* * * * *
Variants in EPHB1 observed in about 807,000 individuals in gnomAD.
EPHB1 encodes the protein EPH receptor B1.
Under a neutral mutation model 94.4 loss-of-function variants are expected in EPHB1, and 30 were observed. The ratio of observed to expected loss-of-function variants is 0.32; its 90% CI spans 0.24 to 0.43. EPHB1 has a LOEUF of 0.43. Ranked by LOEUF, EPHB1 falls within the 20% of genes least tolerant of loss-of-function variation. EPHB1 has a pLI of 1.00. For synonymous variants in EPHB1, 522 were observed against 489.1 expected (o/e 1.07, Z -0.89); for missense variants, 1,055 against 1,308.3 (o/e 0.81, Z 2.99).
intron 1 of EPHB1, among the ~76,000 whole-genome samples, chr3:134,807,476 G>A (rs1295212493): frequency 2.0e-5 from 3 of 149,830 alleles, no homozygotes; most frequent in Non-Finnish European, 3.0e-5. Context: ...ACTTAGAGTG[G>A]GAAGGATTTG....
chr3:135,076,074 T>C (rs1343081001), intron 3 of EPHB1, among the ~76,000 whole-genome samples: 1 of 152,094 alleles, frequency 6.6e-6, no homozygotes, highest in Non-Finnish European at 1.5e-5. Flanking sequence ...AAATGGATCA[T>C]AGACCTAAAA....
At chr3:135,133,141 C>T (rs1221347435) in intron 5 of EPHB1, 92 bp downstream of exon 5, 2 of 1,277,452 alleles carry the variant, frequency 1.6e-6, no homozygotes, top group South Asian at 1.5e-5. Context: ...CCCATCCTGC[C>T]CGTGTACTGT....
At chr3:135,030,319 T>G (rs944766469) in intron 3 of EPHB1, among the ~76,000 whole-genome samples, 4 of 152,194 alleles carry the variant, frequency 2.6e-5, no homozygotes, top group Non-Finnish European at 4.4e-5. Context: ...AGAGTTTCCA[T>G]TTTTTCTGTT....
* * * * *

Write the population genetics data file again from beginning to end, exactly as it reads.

Variants in EPHB1 observed in about 807,000 individuals in gnomAD.
EPHB1 encodes the protein EPH receptor B1.
Under a neutral mutation model 94.4 loss-of-function variants are expected in EPHB1, and 30 were observed. The ratio of observed to expected loss-of-function variants is 0.32; its 90% CI spans 0.24 to 0.43. EPHB1 has a LOEUF of 0.43. Ranked by LOEUF, EPHB1 falls within the 20% of genes least tolerant of loss-of-function variation. EPHB1 has a pLI of 1.00. For synonymous variants in EPHB1, 522 were observed against 489.1 expected (o/e 1.07, Z -0.89); for missense variants, 1,055 against 1,308.3 (o/e 0.81, Z 2.99).
intron 1 of EPHB1, among the ~76,000 whole-genome samples, chr3:134,807,476 G>A (rs1295212493): frequency 2.0e-5 from 3 of 149,830 alleles, no homozygotes; most frequent in Non-Finnish European, 3.0e-5. Context: ...ACTTAGAGTG[G>A]GAAGGATTTG....
chr3:135,076,074 T>C (rs1343081001), intron 3 of EPHB1, among the ~76,000 whole-genome samples: 1 of 152,094 alleles, frequency 6.6e-6, no homozygotes, highest in Non-Finnish European at 1.5e-5. Flanking sequence ...AAATGGATCA[T>C]AGACCTAAAA....
At chr3:135,133,141 C>T (rs1221347435) in intron 5 of EPHB1, 92 bp downstream of exon 5, 2 of 1,277,452 alleles carry the variant, frequency 1.6e-6, no homozygotes, top group South Asian at 1.5e-5. Context: ...CCCATCCTGC[C>T]CGTGTACTGT....
At chr3:135,030,319 T>G (rs944766469) in intron 3 of EPHB1, among the ~76,000 whole-genome samples, 4 of 152,194 alleles carry the variant, frequency 2.6e-5, no homozygotes, top group Non-Finnish European at 4.4e-5. Context: ...AGAGTTTCCA[T>G]TTTTTCTGTT....